Simeone has been balancing his economic and trade studies with on-the-ground forestry training, including taking Professor David Ford’s silviculture class, Professor Jerry Franklin’s course on old-growth forest management, and the summer internship at Pack Forest. Though he’s not sure where he’ll end up career-wise, he says his “pie in the sky” dream would be to put his Russian and forestry background to work as a trade analyst with the United Nations, or possibly with the Forest Service in their international division.

In the meantime, he’ll be keeping his camera plenty busy, and you can check out some of his other great photography on his Picasa page!

(Also, Simeone recently co-authored a short photo essay on his summer travels to Vladivostok, Russia, for UW’s Ellison Center Winter 2013 Newsletter. Half of the photos are his, and the other half were taken by Taylor Zajicek’s, who is also working on his MA in Russian Studies.)

Photos courtesy of John Simeone.

Join the Pack Forest Summer Crew!

2012 Pack Forest Summer Crew

The 2012 Pack Forest Summer Crew. See all those smiling faces? That could be you!

Every summer, several SEFS students head down to Pack Forest for two months of hands-on, bareknuckle field training in forest management. Well, “bareknuckle” might be overstating the labor, but summer crew members definitely get their fingernails grubby and get to spend hours in the woods on a beautiful plot of land!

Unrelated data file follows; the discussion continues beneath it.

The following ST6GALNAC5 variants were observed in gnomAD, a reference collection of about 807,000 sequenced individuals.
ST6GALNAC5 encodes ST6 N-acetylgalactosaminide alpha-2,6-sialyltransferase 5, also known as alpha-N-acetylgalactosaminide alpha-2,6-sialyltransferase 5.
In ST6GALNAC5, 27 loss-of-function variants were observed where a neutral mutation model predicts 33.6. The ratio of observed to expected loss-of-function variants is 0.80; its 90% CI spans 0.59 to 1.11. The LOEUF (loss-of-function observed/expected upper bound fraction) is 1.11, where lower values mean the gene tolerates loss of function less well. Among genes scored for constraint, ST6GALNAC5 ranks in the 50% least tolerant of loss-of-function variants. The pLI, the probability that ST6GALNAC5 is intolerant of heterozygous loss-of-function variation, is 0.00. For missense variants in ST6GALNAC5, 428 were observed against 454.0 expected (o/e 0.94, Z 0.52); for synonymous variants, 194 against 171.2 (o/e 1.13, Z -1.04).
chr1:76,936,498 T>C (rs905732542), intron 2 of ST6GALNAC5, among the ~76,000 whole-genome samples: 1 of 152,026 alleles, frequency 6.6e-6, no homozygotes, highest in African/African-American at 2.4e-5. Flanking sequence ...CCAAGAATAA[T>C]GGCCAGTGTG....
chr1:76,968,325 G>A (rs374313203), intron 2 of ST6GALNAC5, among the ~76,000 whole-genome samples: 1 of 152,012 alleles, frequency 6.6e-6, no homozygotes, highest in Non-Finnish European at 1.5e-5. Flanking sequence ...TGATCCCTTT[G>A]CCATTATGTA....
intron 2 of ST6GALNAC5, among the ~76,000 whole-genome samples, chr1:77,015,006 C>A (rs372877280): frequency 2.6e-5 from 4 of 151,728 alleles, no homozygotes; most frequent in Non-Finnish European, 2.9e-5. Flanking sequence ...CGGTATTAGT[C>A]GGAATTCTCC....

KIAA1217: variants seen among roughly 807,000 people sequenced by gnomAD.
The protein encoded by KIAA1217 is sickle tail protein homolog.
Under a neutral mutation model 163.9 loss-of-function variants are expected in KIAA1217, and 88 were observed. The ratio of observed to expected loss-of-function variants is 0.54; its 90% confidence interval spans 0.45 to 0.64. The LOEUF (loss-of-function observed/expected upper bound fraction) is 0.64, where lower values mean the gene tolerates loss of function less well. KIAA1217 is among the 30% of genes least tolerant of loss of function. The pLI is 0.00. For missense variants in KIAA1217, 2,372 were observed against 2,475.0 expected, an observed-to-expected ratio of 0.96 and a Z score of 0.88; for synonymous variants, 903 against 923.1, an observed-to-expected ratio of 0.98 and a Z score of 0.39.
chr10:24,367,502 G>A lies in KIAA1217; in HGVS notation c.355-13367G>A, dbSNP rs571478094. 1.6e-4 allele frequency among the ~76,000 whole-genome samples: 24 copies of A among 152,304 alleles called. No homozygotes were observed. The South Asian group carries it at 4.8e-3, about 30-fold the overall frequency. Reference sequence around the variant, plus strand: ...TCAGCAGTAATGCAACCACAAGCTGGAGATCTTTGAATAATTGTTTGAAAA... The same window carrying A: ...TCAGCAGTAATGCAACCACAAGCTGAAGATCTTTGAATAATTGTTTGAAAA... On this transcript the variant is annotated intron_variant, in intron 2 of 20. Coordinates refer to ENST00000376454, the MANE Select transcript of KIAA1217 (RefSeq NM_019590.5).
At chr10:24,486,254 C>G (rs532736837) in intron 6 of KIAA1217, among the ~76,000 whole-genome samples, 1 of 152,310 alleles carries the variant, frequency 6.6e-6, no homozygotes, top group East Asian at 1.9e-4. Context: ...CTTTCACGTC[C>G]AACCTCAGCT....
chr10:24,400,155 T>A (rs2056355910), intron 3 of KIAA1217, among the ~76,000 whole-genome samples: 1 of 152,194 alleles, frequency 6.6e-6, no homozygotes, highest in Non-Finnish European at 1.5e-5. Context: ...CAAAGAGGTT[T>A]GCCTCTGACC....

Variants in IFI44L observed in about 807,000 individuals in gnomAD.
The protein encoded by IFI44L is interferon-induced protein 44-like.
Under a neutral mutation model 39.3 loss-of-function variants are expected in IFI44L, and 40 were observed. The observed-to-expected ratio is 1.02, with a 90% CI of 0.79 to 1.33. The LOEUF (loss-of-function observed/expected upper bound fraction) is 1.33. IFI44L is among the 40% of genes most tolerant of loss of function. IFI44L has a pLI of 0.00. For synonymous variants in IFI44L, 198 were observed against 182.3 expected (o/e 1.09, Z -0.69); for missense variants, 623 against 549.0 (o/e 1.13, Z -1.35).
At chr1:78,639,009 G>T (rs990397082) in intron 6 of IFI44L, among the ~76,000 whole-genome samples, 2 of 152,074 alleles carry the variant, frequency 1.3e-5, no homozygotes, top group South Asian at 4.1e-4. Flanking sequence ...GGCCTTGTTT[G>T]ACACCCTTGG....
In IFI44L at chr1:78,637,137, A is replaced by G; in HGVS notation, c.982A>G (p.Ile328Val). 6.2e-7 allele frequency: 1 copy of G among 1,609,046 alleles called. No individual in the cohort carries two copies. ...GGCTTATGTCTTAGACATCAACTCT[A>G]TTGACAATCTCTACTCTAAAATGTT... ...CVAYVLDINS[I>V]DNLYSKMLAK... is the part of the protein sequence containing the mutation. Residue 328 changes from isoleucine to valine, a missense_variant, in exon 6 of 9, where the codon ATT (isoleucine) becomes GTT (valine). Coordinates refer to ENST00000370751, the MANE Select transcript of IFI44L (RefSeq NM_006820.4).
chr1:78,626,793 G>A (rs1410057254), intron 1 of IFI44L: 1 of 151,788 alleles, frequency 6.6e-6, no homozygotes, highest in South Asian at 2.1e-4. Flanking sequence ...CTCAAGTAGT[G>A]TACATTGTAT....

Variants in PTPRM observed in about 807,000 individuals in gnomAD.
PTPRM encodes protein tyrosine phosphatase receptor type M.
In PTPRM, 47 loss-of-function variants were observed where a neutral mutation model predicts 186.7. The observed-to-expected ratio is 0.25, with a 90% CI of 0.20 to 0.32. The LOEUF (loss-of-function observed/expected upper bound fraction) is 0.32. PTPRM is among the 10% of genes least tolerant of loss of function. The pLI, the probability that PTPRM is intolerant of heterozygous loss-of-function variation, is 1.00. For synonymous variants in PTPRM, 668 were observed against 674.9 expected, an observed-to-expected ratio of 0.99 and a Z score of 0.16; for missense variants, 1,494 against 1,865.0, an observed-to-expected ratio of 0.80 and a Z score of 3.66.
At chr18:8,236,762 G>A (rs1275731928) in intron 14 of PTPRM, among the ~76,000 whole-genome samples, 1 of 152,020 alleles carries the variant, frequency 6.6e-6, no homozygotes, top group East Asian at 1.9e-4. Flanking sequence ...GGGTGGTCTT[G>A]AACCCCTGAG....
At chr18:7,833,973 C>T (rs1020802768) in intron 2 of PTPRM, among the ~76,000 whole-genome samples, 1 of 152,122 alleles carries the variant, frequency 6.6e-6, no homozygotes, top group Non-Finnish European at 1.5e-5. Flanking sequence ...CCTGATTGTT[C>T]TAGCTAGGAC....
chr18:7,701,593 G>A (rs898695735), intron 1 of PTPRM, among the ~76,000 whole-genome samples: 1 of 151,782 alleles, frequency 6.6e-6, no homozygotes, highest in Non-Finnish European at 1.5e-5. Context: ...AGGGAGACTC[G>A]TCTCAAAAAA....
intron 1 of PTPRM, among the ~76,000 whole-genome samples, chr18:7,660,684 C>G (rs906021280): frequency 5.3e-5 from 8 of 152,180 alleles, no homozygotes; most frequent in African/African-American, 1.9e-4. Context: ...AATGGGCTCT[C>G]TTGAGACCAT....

As an intern, your weekends are generally free, so you can venture to a number of local attractions, including nearby Mount Rainier. On top of that, you’ll receive 5 ESRM credit hours to go with a $200 weekly stipend and free housing.

For the 2013 Summer Quarter, which runs from June 24 to August 23, there are five internship positions available.

Four spots are open for Forest Resource Management Interns, who will assist with the management and stewardship of Pack Forest’s timber resources, research installations, roads and trails. These students will develop forest mensuration skills, practice species identification, participate in research programs, and learn about sustainable forest management.

One additional position is available for an Outreach & Education Intern, who will actively participate in public outreach, environmental education and natural resource management. This student will develop skills in communications, public outreach and curriculum development, as well as gain exposure to natural resource management.

To apply, send your resume and a cover letter describing how the internship will fit into your program of study to Professor Greg Ettl.

Applications must be received by April 9, so act fast!

WPPF Names New Executive Director

by William McKean